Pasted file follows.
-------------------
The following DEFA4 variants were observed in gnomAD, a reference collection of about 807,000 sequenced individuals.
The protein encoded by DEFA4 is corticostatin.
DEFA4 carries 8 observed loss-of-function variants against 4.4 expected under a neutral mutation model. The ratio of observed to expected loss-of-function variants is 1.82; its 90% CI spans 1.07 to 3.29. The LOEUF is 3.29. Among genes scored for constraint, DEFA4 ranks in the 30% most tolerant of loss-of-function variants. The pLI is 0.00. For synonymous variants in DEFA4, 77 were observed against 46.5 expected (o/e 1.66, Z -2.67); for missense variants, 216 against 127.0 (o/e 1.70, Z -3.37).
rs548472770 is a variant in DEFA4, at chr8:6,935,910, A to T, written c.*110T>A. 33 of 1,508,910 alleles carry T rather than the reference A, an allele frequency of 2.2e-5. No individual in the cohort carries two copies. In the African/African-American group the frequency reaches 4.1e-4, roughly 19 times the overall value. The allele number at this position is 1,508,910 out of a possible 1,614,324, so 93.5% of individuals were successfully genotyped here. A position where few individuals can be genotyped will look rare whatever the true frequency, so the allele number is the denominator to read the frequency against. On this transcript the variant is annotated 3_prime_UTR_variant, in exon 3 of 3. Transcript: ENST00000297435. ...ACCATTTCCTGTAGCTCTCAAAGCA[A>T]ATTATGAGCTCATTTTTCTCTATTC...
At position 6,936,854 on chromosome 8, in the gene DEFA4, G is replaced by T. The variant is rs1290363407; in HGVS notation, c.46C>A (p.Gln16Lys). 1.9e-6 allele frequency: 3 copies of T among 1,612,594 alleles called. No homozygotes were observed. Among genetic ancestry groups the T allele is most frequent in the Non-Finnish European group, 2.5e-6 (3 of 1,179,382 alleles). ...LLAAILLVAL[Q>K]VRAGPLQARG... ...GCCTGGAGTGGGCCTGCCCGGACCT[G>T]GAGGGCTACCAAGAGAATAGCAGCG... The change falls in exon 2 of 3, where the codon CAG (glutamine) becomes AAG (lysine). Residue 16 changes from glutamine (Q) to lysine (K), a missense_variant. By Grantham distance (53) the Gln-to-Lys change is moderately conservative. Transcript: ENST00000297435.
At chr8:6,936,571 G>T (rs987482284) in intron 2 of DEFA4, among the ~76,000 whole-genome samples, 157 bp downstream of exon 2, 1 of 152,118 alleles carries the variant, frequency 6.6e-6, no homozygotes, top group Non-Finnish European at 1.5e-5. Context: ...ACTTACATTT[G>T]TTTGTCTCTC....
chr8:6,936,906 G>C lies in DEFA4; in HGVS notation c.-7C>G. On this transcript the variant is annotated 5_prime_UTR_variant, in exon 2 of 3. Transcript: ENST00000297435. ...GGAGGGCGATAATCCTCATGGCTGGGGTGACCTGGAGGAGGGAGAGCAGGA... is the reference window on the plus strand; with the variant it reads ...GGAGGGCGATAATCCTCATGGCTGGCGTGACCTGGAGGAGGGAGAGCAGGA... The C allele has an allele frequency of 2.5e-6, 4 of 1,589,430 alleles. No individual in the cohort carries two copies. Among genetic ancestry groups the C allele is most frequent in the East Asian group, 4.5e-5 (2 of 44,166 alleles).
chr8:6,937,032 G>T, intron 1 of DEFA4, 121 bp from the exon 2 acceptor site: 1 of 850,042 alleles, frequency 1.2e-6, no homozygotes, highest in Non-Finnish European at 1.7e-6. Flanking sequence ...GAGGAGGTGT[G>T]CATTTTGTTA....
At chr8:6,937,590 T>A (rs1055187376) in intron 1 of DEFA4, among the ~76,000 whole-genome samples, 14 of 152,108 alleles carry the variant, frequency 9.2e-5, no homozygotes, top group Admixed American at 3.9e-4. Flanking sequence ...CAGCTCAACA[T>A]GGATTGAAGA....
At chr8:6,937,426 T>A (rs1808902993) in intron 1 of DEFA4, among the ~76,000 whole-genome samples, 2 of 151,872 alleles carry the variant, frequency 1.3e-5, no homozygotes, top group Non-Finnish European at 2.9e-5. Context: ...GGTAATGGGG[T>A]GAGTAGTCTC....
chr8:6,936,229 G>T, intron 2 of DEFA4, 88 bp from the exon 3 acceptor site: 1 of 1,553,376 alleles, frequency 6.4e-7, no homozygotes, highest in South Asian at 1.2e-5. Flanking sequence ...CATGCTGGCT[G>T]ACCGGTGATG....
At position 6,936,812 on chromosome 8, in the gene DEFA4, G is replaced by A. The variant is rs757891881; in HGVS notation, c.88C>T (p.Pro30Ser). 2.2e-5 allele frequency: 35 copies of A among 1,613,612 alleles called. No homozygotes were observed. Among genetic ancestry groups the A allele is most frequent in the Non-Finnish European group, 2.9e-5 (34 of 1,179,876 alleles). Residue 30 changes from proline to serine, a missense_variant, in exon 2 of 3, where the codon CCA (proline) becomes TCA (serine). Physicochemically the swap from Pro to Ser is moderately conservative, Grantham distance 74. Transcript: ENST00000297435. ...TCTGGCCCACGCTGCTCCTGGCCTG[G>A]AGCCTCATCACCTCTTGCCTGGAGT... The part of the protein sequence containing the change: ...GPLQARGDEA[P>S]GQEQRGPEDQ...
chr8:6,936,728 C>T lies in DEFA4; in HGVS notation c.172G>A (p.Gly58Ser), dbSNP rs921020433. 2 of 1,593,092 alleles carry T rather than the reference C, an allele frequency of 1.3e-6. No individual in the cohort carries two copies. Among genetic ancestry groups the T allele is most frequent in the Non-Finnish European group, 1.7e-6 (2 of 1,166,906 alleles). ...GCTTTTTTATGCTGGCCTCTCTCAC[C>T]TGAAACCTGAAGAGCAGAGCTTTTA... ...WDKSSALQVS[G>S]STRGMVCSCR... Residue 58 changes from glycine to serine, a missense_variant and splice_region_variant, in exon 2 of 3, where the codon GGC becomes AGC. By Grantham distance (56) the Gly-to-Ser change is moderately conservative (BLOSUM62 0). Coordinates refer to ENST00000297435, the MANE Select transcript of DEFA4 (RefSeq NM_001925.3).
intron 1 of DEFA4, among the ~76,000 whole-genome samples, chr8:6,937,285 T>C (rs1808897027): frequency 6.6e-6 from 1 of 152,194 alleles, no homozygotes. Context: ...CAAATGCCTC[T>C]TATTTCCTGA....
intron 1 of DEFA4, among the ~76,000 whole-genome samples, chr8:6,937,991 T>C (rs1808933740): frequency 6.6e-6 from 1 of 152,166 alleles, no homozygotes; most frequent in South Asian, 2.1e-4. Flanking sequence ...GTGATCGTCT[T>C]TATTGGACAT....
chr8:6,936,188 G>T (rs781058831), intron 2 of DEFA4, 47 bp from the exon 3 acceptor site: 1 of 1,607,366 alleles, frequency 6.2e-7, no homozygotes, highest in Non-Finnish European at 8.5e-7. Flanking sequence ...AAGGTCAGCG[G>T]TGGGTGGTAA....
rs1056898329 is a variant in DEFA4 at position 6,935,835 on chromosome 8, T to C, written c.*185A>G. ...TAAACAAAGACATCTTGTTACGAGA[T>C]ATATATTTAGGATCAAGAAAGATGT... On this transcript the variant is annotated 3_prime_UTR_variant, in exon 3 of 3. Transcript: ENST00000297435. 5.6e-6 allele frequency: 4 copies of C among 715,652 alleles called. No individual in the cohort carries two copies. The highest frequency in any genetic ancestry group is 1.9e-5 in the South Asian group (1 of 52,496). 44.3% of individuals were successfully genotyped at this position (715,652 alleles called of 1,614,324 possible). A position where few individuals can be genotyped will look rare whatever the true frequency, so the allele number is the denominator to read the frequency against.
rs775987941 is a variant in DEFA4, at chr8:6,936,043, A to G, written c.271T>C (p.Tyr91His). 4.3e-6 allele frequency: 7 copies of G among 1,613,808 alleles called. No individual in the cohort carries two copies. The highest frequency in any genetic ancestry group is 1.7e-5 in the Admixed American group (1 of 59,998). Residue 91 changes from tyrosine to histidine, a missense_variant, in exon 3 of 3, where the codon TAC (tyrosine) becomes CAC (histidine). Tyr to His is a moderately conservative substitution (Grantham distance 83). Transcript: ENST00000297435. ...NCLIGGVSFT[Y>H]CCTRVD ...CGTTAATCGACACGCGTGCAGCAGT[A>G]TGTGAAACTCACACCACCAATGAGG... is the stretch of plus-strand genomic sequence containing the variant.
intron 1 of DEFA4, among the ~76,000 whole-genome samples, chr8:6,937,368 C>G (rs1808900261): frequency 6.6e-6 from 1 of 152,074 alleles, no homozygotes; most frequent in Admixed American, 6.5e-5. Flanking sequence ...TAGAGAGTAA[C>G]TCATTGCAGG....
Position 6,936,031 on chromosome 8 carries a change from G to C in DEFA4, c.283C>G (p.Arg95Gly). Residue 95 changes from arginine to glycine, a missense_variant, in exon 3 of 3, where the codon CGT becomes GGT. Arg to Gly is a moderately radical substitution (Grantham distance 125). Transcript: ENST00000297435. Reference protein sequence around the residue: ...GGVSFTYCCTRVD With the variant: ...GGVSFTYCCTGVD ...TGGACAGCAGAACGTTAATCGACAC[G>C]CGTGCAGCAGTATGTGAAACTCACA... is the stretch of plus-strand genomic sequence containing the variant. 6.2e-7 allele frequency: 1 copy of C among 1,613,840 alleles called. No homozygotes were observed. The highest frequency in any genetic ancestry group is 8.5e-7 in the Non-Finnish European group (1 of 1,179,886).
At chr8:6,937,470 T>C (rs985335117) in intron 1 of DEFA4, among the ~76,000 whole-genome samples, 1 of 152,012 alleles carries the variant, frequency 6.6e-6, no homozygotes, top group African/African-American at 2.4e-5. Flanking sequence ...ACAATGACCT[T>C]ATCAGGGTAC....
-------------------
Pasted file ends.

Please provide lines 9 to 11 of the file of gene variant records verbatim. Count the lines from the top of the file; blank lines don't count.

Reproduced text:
At chr8:6,937,590 T>A (rs1055187376) in intron 1 of DEFA4, among the ~76,000 whole-genome samples, 14 of 152,108 alleles carry the variant, frequency 9.2e-5, no homozygotes, top group Admixed American at 3.9e-4. Flanking sequence ...CAGCTCAACA[T>A]GGATTGAAGA....
At chr8:6,937,426 T>A (rs1808902993) in intron 1 of DEFA4, among the ~76,000 whole-genome samples, 2 of 151,872 alleles carry the variant, frequency 1.3e-5, no homozygotes, top group Non-Finnish European at 2.9e-5. Context: ...GGTAATGGGG[T>A]GAGTAGTCTC....
chr8:6,936,229 G>T, intron 2 of DEFA4, 88 bp from the exon 3 acceptor site: 1 of 1,553,376 alleles, frequency 6.4e-7, no homozygotes, highest in South Asian at 1.2e-5. Flanking sequence ...CATGCTGGCT[G>T]ACCGGTGATG....